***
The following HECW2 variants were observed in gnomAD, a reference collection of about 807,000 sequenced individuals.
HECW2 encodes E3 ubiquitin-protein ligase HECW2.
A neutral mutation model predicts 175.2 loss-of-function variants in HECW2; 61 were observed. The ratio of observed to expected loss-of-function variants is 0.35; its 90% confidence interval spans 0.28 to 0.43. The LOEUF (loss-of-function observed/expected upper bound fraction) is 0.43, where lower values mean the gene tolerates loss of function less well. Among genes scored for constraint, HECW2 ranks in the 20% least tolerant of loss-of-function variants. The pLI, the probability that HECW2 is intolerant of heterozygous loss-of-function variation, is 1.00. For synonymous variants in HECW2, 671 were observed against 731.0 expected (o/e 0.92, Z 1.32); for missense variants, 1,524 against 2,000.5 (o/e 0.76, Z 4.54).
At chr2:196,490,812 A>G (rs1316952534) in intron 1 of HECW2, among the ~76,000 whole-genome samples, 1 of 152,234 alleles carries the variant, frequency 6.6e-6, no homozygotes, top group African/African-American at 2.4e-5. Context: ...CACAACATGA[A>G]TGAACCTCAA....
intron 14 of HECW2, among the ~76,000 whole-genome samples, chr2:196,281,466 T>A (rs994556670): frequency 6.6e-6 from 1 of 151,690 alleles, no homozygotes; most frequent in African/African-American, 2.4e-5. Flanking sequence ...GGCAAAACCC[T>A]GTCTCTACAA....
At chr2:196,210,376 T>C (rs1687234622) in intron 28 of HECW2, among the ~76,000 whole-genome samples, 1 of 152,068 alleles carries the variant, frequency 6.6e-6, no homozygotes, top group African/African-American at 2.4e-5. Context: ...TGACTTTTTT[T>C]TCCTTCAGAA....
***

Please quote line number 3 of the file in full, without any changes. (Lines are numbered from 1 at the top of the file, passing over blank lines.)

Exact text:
A neutral mutation model predicts 175.2 loss-of-function variants in HECW2; 61 were observed. The ratio of observed to expected loss-of-function variants is 0.35; its 90% confidence interval spans 0.28 to 0.43. The LOEUF (loss-of-function observed/expected upper bound fraction) is 0.43, where lower values mean the gene tolerates loss of function less well. Among genes scored for constraint, HECW2 ranks in the 20% least tolerant of loss-of-function variants. The pLI, the probability that HECW2 is intolerant of heterozygous loss-of-function variation, is 1.00. For synonymous variants in HECW2, 671 were observed against 731.0 expected (o/e 0.92, Z 1.32); for missense variants, 1,524 against 2,000.5 (o/e 0.76, Z 4.54).